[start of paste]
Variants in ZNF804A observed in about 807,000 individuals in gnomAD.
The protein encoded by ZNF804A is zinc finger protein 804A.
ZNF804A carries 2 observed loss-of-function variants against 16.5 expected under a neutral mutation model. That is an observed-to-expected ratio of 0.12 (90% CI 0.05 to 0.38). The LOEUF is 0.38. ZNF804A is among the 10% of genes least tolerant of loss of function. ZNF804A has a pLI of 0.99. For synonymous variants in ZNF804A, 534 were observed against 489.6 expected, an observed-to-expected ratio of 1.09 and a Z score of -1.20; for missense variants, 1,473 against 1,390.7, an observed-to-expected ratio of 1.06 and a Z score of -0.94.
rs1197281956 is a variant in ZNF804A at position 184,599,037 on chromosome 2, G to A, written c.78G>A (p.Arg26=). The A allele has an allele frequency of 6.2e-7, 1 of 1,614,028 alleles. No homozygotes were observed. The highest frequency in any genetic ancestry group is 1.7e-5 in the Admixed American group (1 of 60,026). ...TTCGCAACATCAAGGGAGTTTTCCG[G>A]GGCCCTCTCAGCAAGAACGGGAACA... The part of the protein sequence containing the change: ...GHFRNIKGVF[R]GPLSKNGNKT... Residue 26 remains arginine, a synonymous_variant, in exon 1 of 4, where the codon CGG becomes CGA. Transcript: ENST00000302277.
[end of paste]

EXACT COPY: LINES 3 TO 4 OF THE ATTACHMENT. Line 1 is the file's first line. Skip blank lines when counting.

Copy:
ZNF804A carries 2 observed loss-of-function variants against 16.5 expected under a neutral mutation model. That is an observed-to-expected ratio of 0.12 (90% CI 0.05 to 0.38). The LOEUF is 0.38. ZNF804A is among the 10% of genes least tolerant of loss of function. ZNF804A has a pLI of 0.99. For synonymous variants in ZNF804A, 534 were observed against 489.6 expected, an observed-to-expected ratio of 1.09 and a Z score of -1.20; for missense variants, 1,473 against 1,390.7, an observed-to-expected ratio of 1.06 and a Z score of -0.94.
rs1197281956 is a variant in ZNF804A at position 184,599,037 on chromosome 2, G to A, written c.78G>A (p.Arg26=). The A allele has an allele frequency of 6.2e-7, 1 of 1,614,028 alleles. No homozygotes were observed. The highest frequency in any genetic ancestry group is 1.7e-5 in the Admixed American group (1 of 60,026). ...TTCGCAACATCAAGGGAGTTTTCCG[G>A]GGCCCTCTCAGCAAGAACGGGAACA... The part of the protein sequence containing the change: ...GHFRNIKGVF[R]GPLSKNGNKT... Residue 26 remains arginine, a synonymous_variant, in exon 1 of 4, where the codon CGG becomes CGA. Transcript: ENST00000302277.